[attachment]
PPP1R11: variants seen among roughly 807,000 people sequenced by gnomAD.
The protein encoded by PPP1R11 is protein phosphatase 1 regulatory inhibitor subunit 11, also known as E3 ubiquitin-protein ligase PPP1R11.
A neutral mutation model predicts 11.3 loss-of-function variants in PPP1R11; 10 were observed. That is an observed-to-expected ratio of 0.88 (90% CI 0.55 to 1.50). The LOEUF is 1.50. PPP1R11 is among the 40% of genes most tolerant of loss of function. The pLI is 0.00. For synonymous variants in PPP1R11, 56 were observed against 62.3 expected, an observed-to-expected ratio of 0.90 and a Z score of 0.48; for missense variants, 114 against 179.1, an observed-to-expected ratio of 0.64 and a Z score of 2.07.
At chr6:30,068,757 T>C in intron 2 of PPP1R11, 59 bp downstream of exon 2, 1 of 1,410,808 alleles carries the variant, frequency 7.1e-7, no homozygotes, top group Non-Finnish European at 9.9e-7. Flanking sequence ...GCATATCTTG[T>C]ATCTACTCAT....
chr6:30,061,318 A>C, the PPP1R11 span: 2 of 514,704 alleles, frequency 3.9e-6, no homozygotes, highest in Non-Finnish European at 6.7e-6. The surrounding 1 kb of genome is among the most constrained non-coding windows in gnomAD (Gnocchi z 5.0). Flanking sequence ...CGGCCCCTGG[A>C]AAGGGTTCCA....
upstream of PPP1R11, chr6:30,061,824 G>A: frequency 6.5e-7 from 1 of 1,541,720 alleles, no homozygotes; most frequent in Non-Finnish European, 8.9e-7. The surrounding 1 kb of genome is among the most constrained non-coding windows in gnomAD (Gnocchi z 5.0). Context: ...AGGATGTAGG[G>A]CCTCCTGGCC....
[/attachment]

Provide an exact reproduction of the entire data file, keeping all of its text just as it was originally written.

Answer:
PPP1R11: variants seen among roughly 807,000 people sequenced by gnomAD.
The protein encoded by PPP1R11 is protein phosphatase 1 regulatory inhibitor subunit 11, also known as E3 ubiquitin-protein ligase PPP1R11.
A neutral mutation model predicts 11.3 loss-of-function variants in PPP1R11; 10 were observed. That is an observed-to-expected ratio of 0.88 (90% CI 0.55 to 1.50). The LOEUF is 1.50. PPP1R11 is among the 40% of genes most tolerant of loss of function. The pLI is 0.00. For synonymous variants in PPP1R11, 56 were observed against 62.3 expected, an observed-to-expected ratio of 0.90 and a Z score of 0.48; for missense variants, 114 against 179.1, an observed-to-expected ratio of 0.64 and a Z score of 2.07.
At chr6:30,068,757 T>C in intron 2 of PPP1R11, 59 bp downstream of exon 2, 1 of 1,410,808 alleles carries the variant, frequency 7.1e-7, no homozygotes, top group Non-Finnish European at 9.9e-7. Flanking sequence ...GCATATCTTG[T>C]ATCTACTCAT....
chr6:30,061,318 A>C, the PPP1R11 span: 2 of 514,704 alleles, frequency 3.9e-6, no homozygotes, highest in Non-Finnish European at 6.7e-6. The surrounding 1 kb of genome is among the most constrained non-coding windows in gnomAD (Gnocchi z 5.0). Flanking sequence ...CGGCCCCTGG[A>C]AAGGGTTCCA....
upstream of PPP1R11, chr6:30,061,824 G>A: frequency 6.5e-7 from 1 of 1,541,720 alleles, no homozygotes; most frequent in Non-Finnish European, 8.9e-7. The surrounding 1 kb of genome is among the most constrained non-coding windows in gnomAD (Gnocchi z 5.0). Context: ...AGGATGTAGG[G>A]CCTCCTGGCC....